Students, professors debate university closings

Allison Tucker, Austin Meadows, and Frankie Miller build a snow man. 

With highs in the 60s during the day and sleet at night, Alabama weather has not failed to show its wild side, especially the past few weeks.

Officials delayed and canceled classes due to extreme weather. Students and professors said they are split in their opinions on these decisions.

“I actually feel bittersweet about missing classes,” said sophomore Trevor Kurzhal. “I very much enjoyed the time off, but I certainly don’t enjoy having to catch up on monumental amounts

of work.”

Freshman Stephanie Waybright said she disagrees. Not only was she happy to miss her classes, she is not worried about the workload.

“We have traditionally had students who commute, sometimes long drives, and the sudden changes in weather are a safety issue,” said English Instructor Pamela Kingsbury. “It’s better to err on the side of caution.”

Despite the fact most people enjoyed the time off, some students see canceled classes as a waste of money.

“I think a few times they were delaying or canceling classes wasn’t really necessary, because sometimes the roads were fine and we could’ve gotten to class OK,” said sophomore Casey Wright. “I have missed two weeks of Spanish, and Spanish is my major. Now we’re all trying to catch up and it’s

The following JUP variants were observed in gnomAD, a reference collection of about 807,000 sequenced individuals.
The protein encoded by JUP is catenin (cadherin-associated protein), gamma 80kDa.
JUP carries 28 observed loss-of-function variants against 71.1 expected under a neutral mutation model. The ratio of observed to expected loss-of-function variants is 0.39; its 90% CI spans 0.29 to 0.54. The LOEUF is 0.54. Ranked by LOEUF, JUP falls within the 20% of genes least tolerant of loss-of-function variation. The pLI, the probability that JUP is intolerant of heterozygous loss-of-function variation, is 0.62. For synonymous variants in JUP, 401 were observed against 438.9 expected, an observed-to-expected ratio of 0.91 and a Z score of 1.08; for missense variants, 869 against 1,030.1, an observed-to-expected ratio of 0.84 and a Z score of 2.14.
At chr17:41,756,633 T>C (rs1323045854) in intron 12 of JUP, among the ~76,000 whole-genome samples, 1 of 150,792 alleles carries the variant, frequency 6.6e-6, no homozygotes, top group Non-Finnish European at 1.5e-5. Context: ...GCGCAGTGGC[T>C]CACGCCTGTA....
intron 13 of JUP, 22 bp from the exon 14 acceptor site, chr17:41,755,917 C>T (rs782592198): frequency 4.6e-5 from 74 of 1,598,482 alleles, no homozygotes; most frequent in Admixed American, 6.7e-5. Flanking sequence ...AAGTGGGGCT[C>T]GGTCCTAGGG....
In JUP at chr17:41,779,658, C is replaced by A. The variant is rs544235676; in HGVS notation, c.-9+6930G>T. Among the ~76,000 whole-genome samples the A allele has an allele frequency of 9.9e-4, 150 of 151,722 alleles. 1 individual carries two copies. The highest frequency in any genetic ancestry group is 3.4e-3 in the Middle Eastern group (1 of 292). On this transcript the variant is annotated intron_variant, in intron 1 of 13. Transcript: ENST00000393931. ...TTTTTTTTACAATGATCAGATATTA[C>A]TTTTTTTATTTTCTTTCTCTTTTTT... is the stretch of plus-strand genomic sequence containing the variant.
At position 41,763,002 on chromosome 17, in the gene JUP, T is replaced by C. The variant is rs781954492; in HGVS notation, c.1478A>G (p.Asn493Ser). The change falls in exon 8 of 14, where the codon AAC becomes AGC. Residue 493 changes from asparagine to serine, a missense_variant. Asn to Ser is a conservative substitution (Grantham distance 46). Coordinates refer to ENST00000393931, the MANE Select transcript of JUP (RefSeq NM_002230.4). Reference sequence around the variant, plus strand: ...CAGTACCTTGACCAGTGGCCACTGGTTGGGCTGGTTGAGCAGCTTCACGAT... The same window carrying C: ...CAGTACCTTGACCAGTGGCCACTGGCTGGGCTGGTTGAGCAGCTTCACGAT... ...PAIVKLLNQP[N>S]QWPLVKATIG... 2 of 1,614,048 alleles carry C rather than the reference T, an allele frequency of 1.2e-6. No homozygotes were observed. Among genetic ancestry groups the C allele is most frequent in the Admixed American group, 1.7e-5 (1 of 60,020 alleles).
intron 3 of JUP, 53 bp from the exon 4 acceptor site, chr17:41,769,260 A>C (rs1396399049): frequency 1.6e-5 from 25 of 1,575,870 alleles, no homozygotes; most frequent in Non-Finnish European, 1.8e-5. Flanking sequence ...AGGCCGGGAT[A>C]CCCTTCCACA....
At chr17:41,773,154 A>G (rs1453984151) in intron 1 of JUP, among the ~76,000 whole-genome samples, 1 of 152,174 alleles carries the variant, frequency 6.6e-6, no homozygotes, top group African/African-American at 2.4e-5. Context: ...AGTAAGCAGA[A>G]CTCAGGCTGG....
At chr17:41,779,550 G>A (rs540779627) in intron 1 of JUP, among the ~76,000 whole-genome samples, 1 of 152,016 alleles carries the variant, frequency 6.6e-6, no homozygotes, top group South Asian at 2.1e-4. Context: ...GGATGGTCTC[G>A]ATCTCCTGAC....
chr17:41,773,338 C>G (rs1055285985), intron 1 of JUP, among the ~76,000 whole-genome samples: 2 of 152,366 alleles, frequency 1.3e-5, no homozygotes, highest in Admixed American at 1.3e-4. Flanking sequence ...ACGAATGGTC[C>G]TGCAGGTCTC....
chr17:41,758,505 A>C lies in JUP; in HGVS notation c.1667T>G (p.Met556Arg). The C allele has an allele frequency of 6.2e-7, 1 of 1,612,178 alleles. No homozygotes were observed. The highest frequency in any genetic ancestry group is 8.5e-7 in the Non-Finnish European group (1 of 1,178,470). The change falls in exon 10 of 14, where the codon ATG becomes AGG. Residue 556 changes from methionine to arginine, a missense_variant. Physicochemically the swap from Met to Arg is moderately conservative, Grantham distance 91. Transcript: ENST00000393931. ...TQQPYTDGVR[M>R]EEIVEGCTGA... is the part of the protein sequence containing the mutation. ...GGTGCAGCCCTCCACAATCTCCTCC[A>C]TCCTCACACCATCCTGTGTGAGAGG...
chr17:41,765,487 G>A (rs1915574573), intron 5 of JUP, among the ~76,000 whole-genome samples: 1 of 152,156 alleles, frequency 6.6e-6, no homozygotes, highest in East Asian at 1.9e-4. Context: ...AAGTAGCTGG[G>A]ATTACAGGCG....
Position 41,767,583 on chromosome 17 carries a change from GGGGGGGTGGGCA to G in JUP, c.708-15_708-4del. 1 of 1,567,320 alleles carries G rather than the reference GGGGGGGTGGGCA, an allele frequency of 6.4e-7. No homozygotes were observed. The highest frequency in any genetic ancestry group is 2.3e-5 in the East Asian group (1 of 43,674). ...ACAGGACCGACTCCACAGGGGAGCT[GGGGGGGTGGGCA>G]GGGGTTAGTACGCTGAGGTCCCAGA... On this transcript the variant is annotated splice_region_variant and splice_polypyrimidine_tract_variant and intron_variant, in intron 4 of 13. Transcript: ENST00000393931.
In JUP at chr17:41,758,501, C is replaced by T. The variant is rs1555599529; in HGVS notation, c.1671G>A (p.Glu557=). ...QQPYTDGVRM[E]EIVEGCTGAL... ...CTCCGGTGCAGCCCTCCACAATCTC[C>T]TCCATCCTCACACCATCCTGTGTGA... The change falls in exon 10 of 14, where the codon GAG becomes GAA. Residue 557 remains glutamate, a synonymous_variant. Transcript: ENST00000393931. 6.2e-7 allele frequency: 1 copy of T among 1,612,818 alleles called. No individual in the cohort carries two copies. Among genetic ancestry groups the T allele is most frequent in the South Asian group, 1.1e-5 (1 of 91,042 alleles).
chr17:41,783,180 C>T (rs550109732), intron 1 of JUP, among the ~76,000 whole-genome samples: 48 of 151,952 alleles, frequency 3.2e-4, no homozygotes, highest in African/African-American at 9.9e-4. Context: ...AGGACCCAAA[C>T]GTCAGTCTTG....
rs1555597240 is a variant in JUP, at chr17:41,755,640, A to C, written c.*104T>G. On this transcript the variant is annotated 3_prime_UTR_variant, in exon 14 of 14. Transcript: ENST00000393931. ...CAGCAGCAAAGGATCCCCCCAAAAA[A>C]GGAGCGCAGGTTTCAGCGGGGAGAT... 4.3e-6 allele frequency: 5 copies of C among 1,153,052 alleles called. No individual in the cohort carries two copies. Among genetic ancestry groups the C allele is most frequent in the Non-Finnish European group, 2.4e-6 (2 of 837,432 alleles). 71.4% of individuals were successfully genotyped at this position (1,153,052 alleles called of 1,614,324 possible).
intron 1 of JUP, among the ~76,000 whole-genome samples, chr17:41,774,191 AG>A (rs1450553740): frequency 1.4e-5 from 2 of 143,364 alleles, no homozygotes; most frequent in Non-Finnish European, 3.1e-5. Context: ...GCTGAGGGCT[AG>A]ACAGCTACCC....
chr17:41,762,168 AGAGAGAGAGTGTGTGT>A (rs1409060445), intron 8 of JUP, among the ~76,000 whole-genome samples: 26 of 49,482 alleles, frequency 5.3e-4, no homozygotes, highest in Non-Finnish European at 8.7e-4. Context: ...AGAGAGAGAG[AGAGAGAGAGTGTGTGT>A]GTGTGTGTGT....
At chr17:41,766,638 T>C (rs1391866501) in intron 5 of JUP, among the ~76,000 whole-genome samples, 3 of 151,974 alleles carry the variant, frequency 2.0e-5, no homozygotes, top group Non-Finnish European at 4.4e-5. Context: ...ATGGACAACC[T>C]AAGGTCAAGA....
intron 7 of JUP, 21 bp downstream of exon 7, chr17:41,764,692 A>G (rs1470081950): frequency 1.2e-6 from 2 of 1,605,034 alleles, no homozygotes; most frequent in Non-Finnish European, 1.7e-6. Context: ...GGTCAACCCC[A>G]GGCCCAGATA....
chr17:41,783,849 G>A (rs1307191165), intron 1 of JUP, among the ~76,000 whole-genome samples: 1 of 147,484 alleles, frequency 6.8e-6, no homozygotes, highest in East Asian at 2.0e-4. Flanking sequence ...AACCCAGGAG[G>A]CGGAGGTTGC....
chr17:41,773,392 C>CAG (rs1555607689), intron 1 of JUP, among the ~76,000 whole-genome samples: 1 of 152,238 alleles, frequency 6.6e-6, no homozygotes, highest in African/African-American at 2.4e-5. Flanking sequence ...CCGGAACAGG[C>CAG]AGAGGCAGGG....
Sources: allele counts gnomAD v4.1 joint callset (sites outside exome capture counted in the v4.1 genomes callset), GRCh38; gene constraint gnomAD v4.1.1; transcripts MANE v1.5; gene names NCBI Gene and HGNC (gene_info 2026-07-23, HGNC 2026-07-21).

really hard.”

Kurzhal said he does not see canceling classes as bad thing, but as additional vacation time.

“While it may seem like a waste of money to some, those students will make up the work that was initially scheduled in due time,” Kurzhal said. “So, really, the students aren’t actually losing any money on it.”

While there are some students focusing on the financial side of classes missed, a majority of students are worried about makeup classes, they said.

“My chemistry class will be the hardest to make up,” said junior Emily Murphy. “This is because we cover so much material during our class periods, and missing classes makes it hard to stay caught up and on track.”

Students are not the only ones worried. Due to certain classes being missed, professors have to revise their coursework and catch classes up on coursework.

“In Biology we have multiple sections,” said Lisa Blankinship, assistant professor of biology. “When we have one class or two classes miss it throws everybody off.”

While classes might be different for every student, many class schedules will more than likely be

rearranged and adjusted.

“I think students adjust well to changed schedules,” Kingsbury said. “By college, most students have experienced at least one or two school years with schedules that have been adjusted because of the weather. It’s probably a good lesson in the value of flexibility.”